SilverStone Strider Titanium ST60F-TI PSU Review

SilverStone released its first Titanium PSU series, which is made by Enhance Electronics. The smallest Strider Titanium unit will be under our scope today. Besides high efficiency it also offers compact dimensions and a fully modular cable design.

SilverStone is putting a lot of effort into building PSUs with high power density, and its new Strider Titanium line is a clear example of this since its members feature a shallow depth of just 150mm. The OEM of these units is SilverStone's favorite, Enhance Electronics. Apparently, Titanium-class efficiency is the new hotness, and every company competing in the PSU space has to have a product able to satisfy the 80 PLUS organization's strictest standard.

That's easier said than done though; a sophisticated platform is needed, along with expensive parts. As a result, Titanium-rated units cost way more than Gold or even Platinum ones. So if you don't want to pay a premium price, then you'd better shop for a good Platinum-rated unit. They're only a little less efficient than 80 PLUS Titanium PSUs, but they're a lot more affordable. Unfortunately, until a new 80 PLUS certification is released, don't expect the top tier to drop in price.

It's also true that analog circuits have reached their limits, and it is really hard to squeeze higher efficiency levels out of them. Only the use of digital circuits will allow for better performance, and until the production lines mature (and production costs relax a bit), we just don't see a new efficiency level happening any time soon.  

The Strider Titanium line consists of three members with capacities ranging from 600W to 800W. In this review, we're looking at the smallest model, the ST60F-TI. It features compact dimensions, fully modular cabling and a quality Fluid Dynamic Bearing fan.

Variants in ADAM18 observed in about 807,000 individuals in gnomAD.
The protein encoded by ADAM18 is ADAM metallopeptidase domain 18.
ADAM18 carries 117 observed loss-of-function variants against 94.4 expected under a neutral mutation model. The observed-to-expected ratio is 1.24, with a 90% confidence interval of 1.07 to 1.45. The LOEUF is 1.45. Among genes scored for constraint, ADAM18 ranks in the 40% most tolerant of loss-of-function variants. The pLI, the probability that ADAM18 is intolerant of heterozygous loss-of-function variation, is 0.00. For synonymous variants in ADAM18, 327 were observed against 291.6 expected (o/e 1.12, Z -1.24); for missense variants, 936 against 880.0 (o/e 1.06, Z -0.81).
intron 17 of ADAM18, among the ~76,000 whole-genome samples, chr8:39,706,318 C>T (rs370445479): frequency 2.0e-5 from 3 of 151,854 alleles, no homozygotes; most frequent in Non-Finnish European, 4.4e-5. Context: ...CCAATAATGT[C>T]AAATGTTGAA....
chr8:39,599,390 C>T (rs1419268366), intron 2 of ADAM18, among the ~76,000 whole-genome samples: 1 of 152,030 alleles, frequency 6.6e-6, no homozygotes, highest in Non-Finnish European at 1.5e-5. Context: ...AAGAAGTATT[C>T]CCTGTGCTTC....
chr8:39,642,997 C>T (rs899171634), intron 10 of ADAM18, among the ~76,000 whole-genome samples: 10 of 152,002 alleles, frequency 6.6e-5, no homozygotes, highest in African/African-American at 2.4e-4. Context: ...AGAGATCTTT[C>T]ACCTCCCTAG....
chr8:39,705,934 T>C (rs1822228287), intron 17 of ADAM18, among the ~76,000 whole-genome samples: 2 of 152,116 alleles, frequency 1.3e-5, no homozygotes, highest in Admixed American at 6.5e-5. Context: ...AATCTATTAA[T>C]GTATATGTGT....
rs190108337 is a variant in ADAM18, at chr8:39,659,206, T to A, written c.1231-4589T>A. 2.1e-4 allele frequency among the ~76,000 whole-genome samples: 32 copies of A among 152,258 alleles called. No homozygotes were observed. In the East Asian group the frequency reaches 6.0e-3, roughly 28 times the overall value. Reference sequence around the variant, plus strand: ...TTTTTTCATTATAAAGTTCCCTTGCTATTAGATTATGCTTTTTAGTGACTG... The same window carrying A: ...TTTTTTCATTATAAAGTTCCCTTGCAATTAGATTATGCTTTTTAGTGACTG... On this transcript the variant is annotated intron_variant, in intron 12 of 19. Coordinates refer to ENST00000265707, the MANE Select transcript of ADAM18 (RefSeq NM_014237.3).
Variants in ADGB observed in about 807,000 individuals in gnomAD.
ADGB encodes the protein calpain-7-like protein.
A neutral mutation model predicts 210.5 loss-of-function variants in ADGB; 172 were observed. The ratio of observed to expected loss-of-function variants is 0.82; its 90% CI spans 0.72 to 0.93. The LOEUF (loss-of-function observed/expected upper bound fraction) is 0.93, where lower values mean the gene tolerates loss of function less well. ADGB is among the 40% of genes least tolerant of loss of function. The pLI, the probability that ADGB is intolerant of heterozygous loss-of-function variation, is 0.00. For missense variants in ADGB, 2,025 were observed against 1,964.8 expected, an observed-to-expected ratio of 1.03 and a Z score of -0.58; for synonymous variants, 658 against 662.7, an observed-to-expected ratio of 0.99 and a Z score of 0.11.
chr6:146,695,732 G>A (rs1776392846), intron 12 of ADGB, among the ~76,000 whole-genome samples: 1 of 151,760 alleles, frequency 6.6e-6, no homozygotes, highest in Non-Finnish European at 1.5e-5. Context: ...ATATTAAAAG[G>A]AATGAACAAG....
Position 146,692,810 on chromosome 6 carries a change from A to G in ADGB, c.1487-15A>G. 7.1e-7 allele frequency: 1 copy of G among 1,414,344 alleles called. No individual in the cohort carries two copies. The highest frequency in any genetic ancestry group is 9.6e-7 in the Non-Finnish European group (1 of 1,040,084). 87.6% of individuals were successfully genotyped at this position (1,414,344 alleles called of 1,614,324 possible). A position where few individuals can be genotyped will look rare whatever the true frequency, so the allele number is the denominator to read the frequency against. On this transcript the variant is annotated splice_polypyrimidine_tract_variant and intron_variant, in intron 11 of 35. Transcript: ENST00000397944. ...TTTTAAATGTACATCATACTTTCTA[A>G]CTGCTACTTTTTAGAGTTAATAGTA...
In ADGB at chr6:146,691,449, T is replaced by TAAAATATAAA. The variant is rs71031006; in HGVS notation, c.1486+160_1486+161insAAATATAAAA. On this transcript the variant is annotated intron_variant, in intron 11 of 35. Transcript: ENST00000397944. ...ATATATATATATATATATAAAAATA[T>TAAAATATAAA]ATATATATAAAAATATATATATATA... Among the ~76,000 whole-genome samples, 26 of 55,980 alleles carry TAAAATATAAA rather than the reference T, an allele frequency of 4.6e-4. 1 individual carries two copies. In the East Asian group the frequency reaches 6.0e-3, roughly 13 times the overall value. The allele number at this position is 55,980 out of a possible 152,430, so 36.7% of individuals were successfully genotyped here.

After a quick look at this unit's specifications, the 120mm fan stands out the most, since smaller fans make more noise. Hopefully that won't be the case here. Because the ST60F-TI is 150mm long, SilverStone could have gone with a 140mm fan, so we wonder why it didn't. Nonetheless, thanks to its low capacity and high efficiency, the thermal loads that the fan will have to face are modest, so there should be no need for an aggressive profile.

Specifications

Besides Titanium efficiency, the PSU also features modular cabling and compact dimensions. The maximum operating temperature at which it can deliver its full power continuously is limited to 40  degrees Celsius, whereas the ATX spec recommends 50 degrees C. When it comes to protection features, the ST60F-TI includes everything except over-current protection (OCP) for the +12V rail. In single +12V-rail designs, over-power protection (OPP) takes the place of OCP, partially because OPP cannot protect individual connectors and the corresponding wires against overloads.

Finally, the provided warranty is quite long at five years, although some companies provide even longer coverage ranging from seven to 10 years. The competition is stiff when it comes to support, especially since companies like EVGA and Corsair protect their high-end models with 10-year warranties.

Power Specifications

Rail3.3V5V12V5VSB-12V
Max. PowerAmps2020482.50.3
Watts10058812.53.6
Total Max. Power (W)600

The single +12V rail can provide 48A of current. Though the max combined capacity of the minor rails might look low, it'll still suffice for any modern system capable of being driven by a 600W PSU. We would like to see a stronger 5VSB rail with at least 3A max current output. As for the -12V rail, nobody cares about it any more. It is just there to make the PSU compatible with the ATX spec.